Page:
Imagine a storage unit, once filled to the brim with forgotten family treasures, discarded household essentials, trinkets and tokens of days long gone. But instead of such a hodgepodge of extraneous décor, this particular unit shelters strangely beautiful paintings, trendy hobo-looking cool kids on a stage with amplifiers and fuzz-infused live music. This is Thee Men’s Warehouse, Anaheim’s newest underground recording studio and 18-and-over venue, where Orange County studs Cosmonauts and Gap Dream played last Friday, Feb. 20.
Cosmonauts and Gap Dream are both signed to Burger Records, a Fullerton-based record store and label that over the last two years has blossomed into an international indie sensation. Their shows sell out massive local festivals, such as the annual Burgerama and Beach Goth, but it is the smaller more intimate gigs that fans cherish most.
“Last time I saw Cosmonauts was at the Echo a while ago so I’m excited to see them here at a new venue,” said third-year film and media studies major and Burger Records aficionado, Evelyn Martinez.
Thee Men’s Warehouse welcomed a brigade of hiply-dressed eccentrics ranging from chic women in fur coats to beach bum dudes in Hawaiian shirts and silly hats. Throughout the night, David Lynch’s cult classic film “Inland Empire” was projected onto the wall behind the stage, bathing the performers in bizarre shots of actress Laura Dern’s distraught face and adding a fantastical cinematic quality to the show.
Gap Dream, aka Gabe Fulvimar of Fullerton, kicked things off with a solo DJ set of his album “Shine Your Light.” His music can best be described as the soundtrack you would want playing as you set off on a voyage to outer space. Dreamy, interstellar electronic sounds coupled with his monotone, grisly vocals cast a spell over the crowd, as everyone swayed and bopped their way through his brief set.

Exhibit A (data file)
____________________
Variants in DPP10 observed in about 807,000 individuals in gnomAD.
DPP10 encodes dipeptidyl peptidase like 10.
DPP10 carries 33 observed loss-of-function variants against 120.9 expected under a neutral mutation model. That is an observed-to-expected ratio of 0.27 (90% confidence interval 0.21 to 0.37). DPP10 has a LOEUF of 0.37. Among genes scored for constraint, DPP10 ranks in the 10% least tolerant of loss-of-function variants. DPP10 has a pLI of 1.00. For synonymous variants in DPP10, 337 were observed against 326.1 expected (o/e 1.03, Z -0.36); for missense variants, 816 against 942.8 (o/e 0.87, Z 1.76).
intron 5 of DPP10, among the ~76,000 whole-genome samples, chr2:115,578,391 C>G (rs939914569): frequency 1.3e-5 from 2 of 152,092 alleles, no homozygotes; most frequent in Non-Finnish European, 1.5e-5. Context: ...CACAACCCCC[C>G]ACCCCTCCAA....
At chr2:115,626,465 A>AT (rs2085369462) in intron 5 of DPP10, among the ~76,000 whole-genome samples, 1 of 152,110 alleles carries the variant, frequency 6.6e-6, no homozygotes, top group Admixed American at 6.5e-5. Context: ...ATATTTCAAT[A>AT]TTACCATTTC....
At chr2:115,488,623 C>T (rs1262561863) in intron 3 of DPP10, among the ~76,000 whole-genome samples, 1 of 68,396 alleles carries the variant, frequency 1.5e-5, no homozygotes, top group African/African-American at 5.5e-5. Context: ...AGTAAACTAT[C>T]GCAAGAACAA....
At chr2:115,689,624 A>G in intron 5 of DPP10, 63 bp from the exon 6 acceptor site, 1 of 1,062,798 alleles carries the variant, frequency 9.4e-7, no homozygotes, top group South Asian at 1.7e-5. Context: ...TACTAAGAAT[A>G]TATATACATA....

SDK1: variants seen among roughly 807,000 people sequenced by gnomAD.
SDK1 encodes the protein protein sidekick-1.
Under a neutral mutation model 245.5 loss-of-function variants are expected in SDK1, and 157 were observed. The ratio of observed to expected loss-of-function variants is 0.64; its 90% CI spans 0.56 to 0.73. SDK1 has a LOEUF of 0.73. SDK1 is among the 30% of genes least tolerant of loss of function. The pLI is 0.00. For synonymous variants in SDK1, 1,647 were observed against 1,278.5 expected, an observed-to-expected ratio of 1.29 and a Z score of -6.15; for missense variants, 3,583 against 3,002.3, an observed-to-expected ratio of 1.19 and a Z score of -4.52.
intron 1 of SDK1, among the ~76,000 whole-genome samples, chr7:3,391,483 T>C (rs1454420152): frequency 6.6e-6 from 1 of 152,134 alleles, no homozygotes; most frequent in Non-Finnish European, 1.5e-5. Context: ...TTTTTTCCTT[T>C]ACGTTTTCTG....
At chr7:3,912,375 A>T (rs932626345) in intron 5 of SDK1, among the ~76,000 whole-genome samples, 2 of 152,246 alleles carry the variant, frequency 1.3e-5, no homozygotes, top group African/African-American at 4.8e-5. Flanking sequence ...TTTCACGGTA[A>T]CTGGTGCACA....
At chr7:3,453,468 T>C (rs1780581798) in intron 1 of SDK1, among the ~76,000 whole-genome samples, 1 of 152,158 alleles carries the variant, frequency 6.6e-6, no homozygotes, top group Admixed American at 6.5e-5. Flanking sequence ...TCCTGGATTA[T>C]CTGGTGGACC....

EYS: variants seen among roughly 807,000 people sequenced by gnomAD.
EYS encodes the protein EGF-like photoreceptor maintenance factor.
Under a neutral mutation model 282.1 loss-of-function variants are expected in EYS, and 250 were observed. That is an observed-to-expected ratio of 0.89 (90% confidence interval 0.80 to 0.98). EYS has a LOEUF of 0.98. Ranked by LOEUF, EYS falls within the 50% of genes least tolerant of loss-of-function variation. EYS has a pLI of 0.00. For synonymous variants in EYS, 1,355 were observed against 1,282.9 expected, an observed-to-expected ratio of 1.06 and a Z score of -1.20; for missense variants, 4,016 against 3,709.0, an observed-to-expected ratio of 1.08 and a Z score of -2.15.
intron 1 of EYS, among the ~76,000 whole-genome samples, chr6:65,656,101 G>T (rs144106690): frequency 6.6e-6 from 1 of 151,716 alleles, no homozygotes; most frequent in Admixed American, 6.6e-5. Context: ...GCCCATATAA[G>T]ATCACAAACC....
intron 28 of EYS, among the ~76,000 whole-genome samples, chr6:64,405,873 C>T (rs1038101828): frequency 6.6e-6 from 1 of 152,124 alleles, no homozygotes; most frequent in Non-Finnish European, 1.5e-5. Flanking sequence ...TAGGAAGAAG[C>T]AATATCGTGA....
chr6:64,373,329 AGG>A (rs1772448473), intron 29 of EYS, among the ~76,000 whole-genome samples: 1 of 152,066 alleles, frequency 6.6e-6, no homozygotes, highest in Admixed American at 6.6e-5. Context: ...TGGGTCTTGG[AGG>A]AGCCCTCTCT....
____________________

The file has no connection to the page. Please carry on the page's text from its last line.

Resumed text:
Cosmonauts set the crowd off, however. The second their lo-fi, shoegaze-drenched guitars riffed throughout the Warehouse, they pulled the trigger that unleashed the rockers of Orange County. No one could stand still listening to fellow Fullerton freaks shred tracks from their latest EP “Oh, You Know.”
Songs like “Short Wave” and “Shaker” created a synchronicity amongst the crowd, leading to some more extreme acts of punk behavior. Moshing ensued, beer bottles were thrown and singer Derek Cowart took the end of their set as the perfect opportunity to demolish a chandelier with his guitar. It was the grimy cherry on top of a melted ice cream sundae with audiences cheering Cowart on until the last smash.
All of which begs the question: how does this exist in Orange County?
UC Irvine student, Darine Atassi said, “I’m surprised to know that this kind of thing is in the OC — and I grew up here!”
Turns out a 20-minute drive north of campus can bring with it a sea of new experiences and culture, one that many Anteaters may not expect or even know existed.
Jason Hedy is one such adventurer, as a UCI student who went to the show last minute without knowing either band.
Hedy said, “I don’t even know how to describe the show. It was a cool venue, with good music and an incredible crowd. I didn’t know what to expect since I mostly go to more underground hip-hop shows, but I really enjoyed it.”
Thee Men’s Warehouse has something for everybody: a small mosh pit for the angry fans, couches for the burnt-out fans and intimacy for the devoted ones, all in the actually cool Orange County.